Health care stocks led monthly sector returns with a 11.44% gain (1.20% index weight), followed by the technology sector’s 3.79%. WuXi PharmaTech (WX US) rose to its highest price since 2008 when Charles River Laboratories agree to buy the company for $1.6 billion. The US-based acquirer seeks to expand in China, where revenue from drug-testing services is growing as much as 30% a year. Meanwhile, Baidu (BIDU US) was again the largest April contributor up 15.46% after hitting an all-time high of $709.87 on April 29th—the day the company reported 1Q10 results that beat market expectations and announced a 10-for-1 stock split.

Inflation wise, China’s March CPI (Consumer Price Index) rose at a slower than expected 2.4% from a year earlier, after coming in at 2.7% in February. Currency and fixed income traders continue to monitor the CPI numbers as they are seen as crucial in regards to future interest rate hikes, as many believe that inflationary pressures will force the central bank’s hand. Others debate that a currency appreciation would be a more effective tool to manage domestic inflationary pressures. Some think that China may let the yuan gain over the summer as the government seeks to demonstrate progress on its exchange rate policy to its trading partners, especially with Treasury Secretary Timothy Geithner and Secretary of State Hillary Clinton traveling to Beijing on May 24th for the second US-China Strategic Economic Dialogue. Others think that any appreciation will be delayed in the wake of the meltdown of European sovereigns, perhaps showing that China has been justified in wanting the global economic recovery to be entrenched before it makes any move in the currency.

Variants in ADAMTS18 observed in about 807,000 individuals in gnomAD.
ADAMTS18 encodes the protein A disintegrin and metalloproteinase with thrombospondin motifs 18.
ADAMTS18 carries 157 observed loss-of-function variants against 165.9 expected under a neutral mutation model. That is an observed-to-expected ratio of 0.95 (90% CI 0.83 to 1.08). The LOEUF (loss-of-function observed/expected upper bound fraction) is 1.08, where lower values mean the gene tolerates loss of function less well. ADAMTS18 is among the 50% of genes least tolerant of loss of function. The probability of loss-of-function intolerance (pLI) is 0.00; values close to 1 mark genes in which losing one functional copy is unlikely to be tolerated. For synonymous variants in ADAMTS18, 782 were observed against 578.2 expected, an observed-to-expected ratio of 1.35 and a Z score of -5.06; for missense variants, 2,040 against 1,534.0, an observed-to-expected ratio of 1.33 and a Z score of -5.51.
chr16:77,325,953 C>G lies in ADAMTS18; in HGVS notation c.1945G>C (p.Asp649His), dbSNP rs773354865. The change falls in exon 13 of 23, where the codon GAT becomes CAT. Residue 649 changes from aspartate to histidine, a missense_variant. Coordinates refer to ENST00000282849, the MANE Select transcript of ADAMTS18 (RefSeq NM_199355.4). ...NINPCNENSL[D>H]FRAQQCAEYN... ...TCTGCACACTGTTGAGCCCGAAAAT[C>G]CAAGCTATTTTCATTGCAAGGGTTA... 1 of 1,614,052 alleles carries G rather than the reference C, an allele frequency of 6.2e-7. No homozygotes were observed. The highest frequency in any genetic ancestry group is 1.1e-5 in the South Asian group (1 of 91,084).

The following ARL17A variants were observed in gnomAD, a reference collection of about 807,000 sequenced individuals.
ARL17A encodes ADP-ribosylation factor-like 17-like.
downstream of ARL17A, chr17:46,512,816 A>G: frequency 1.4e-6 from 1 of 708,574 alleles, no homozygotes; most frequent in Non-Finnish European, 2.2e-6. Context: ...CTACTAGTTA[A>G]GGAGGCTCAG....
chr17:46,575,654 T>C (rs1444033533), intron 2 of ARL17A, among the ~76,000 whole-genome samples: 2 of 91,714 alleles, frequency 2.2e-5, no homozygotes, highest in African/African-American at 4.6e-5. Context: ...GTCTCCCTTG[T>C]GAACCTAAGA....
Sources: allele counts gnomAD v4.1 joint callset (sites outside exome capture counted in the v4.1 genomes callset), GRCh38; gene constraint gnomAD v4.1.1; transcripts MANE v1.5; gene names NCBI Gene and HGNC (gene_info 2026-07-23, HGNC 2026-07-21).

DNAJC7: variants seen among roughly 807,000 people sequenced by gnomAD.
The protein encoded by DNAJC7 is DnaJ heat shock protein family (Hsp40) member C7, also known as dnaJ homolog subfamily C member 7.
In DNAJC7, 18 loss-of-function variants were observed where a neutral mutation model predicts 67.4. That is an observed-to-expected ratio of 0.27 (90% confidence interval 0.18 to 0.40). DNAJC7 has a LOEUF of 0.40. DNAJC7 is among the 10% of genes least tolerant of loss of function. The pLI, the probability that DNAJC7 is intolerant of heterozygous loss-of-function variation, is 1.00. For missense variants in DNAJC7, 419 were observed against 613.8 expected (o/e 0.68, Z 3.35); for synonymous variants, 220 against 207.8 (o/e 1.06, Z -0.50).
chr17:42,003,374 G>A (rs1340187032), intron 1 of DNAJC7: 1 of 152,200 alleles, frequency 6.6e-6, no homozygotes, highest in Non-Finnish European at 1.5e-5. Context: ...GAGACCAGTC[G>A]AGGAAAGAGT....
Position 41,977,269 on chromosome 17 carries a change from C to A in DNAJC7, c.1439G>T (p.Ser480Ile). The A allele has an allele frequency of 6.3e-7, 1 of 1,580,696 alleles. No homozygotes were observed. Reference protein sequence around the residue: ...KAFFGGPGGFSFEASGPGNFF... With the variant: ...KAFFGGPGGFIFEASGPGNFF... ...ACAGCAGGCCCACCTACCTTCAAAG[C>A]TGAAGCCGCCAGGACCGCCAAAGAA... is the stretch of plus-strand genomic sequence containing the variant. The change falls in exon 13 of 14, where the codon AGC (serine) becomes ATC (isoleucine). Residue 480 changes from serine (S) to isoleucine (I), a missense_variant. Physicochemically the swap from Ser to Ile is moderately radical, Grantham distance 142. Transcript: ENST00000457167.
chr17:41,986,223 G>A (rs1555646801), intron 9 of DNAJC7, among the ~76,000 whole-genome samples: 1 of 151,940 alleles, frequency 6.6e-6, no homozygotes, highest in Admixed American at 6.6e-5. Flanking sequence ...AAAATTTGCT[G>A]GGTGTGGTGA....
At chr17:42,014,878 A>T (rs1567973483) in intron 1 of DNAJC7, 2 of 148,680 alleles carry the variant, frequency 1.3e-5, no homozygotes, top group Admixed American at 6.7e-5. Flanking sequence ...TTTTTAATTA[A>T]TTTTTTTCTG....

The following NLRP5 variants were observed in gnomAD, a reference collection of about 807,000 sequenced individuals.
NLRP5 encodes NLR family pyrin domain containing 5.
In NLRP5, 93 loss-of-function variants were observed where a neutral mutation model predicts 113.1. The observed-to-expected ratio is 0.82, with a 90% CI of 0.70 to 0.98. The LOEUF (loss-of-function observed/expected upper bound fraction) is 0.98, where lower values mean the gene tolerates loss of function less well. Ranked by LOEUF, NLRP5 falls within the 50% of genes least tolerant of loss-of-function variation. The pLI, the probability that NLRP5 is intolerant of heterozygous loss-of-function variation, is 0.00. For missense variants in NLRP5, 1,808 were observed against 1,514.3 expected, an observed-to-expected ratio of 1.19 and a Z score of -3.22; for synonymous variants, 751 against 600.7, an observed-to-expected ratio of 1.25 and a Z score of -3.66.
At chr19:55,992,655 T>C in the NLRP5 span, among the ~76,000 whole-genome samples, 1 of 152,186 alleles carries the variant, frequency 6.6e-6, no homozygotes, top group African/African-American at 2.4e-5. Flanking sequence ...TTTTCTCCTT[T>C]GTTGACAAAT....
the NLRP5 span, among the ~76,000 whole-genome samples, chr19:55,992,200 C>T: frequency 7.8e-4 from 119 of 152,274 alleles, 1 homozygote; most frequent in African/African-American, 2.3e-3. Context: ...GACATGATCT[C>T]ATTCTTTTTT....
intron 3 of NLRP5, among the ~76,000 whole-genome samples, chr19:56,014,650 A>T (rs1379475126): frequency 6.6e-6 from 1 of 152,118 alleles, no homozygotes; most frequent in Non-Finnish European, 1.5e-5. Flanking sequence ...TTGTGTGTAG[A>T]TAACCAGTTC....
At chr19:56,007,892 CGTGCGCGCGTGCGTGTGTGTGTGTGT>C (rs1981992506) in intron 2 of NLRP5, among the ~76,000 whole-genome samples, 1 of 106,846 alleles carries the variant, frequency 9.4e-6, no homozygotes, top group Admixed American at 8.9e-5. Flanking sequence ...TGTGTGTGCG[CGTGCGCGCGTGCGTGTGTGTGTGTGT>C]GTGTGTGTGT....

Jonathan J. Masse, CFA Dr. Burton G. Malkiel
Senior Portfolio Manager Chief Investment Officer

Disclaimer text

Past performance is no guarantee of future results. The information presented in this letter is for background purposes only and is subject to updating, revision and amendment, and no representation or warranty, expressed or implied, is made, and no liability is accepted by AlphaShares, LLC in relation thereto. This letter is neither an offer to sell nor a solicitation of any offer to buy interests in the Fund. Any such offering is made only pursuant to the Fund’s Private Placement Memorandum and subscription agreement, which should be read in their entirety. No offer to purchase shares in the Fund will be accepted prior to receipt by the offeree of the aforementioned documents and completion of all appropriate documents. These materials have been sent to you in a confidential manner. The information contained herein may be proprietary. No part of these materials may be reproduced in any manner without the Investment Manager’s prior consent.